Table of Contents

Let's Go Back In Time
Secret Unions
Legal Advice
Why Marry?
Special Quiz
Bridal Fashion
A Gentleman Speaks
Conduct Manual
Sacred Ceremony
Religious Disputes
Why Quarrel?
An English Bride

  Only thirty-seven years ago, before the Marriage Act of 1753, it was very easy to get married in England, but very difficult to get out of a marriage, as your mother or grandmother might be able to tell you.1  In the first half of the century, couples wishing to spend their lives together as man and wife did not have to go through all of the tedious steps that we must go through today to enter that state of bliss called marriage.  According to canon law, the requirements for entering this state were as follows:  the two parties must exchange words of consent, two witnesses must be present for the exchange of vows, the vows must be said in the present tense (the future tense could be used only if consummation quickly followed), and the two parties must be of age (14 for men and 12 for women).2.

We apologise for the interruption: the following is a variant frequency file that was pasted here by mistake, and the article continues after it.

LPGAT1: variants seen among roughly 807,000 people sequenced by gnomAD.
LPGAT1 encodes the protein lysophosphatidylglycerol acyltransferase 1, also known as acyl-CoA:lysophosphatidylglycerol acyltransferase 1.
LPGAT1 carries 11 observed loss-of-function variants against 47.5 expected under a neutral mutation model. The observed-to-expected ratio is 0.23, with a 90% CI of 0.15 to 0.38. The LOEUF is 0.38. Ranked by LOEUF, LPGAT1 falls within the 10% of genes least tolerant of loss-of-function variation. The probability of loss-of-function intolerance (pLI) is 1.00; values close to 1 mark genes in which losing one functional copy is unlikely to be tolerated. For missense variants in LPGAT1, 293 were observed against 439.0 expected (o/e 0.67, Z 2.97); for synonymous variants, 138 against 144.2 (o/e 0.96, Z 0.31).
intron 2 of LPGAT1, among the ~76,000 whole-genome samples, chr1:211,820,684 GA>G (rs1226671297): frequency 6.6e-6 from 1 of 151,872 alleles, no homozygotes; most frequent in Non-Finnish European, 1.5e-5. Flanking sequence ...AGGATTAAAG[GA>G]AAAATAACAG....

While women of our class typically married publicly in a church or chapel, couples seeking to keep their marriage a secret might have chosen to marry according to the rules of canon law.  This often happened when a young person of wealth and high social standing fell in love with a person of the humble classes of servants, farm laborers, or shopkeepers. Such a system of marriage may at first sight appear to be preferable to the strict rules we must abide by today.  For example, people could get married younger, and without parental consent.  Marriage was also cheaper and a more expedient process. But ladies, as we all know from the stories passed on to us from this era of "free love," the lax rules concerning marriage in this period caused a heap of problems in our great nation, leading to the creation of the infamous Marriage Act of '53.  We can best understand these problems by looking at a type of common law marriage that we are all familiar with, the clandestine marriage.

This site was completed December 08, 2000, at the University of Michigan.

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